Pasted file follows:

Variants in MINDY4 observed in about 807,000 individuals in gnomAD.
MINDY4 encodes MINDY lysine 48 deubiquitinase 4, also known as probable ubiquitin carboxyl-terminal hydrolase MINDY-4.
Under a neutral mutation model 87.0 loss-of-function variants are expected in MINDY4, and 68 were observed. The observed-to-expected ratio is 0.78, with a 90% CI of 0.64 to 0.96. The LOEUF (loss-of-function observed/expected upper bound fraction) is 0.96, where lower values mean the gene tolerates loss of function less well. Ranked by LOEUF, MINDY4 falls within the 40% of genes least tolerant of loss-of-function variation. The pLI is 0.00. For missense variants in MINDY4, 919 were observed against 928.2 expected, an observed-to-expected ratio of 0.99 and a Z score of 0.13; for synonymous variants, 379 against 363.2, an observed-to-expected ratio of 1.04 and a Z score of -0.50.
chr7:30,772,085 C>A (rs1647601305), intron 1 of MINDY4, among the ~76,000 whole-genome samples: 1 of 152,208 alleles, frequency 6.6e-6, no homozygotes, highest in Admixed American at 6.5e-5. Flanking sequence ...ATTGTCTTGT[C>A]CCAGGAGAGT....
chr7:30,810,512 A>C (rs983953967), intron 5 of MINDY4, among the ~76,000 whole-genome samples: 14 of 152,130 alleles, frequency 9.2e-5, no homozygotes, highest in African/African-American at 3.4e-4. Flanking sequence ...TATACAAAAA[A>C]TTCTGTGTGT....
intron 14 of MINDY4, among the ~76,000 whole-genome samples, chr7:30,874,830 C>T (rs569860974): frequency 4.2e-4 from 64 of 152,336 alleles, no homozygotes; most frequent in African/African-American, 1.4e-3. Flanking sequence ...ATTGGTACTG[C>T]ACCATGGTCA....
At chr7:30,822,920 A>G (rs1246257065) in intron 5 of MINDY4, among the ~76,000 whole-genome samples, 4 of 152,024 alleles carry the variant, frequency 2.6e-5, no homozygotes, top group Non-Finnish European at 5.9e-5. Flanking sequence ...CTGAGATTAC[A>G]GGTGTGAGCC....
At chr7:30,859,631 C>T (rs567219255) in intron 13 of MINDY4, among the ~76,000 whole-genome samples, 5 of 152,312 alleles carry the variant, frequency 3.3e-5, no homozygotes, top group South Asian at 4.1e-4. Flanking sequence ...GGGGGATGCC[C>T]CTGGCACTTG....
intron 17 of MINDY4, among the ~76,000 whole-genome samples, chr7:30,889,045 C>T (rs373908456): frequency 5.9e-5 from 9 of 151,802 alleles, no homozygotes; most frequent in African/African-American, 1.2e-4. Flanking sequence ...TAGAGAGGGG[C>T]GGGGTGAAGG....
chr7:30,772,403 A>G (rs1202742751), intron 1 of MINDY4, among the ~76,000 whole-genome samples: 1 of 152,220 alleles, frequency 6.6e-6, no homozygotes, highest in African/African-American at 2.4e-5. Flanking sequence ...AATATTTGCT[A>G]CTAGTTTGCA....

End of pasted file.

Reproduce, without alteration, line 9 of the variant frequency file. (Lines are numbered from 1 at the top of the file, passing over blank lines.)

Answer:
intron 17 of MINDY4, among the ~76,000 whole-genome samples, chr7:30,889,045 C>T (rs373908456): frequency 5.9e-5 from 9 of 151,802 alleles, no homozygotes; most frequent in African/African-American, 1.2e-4. Flanking sequence ...TAGAGAGGGG[C>T]GGGGTGAAGG....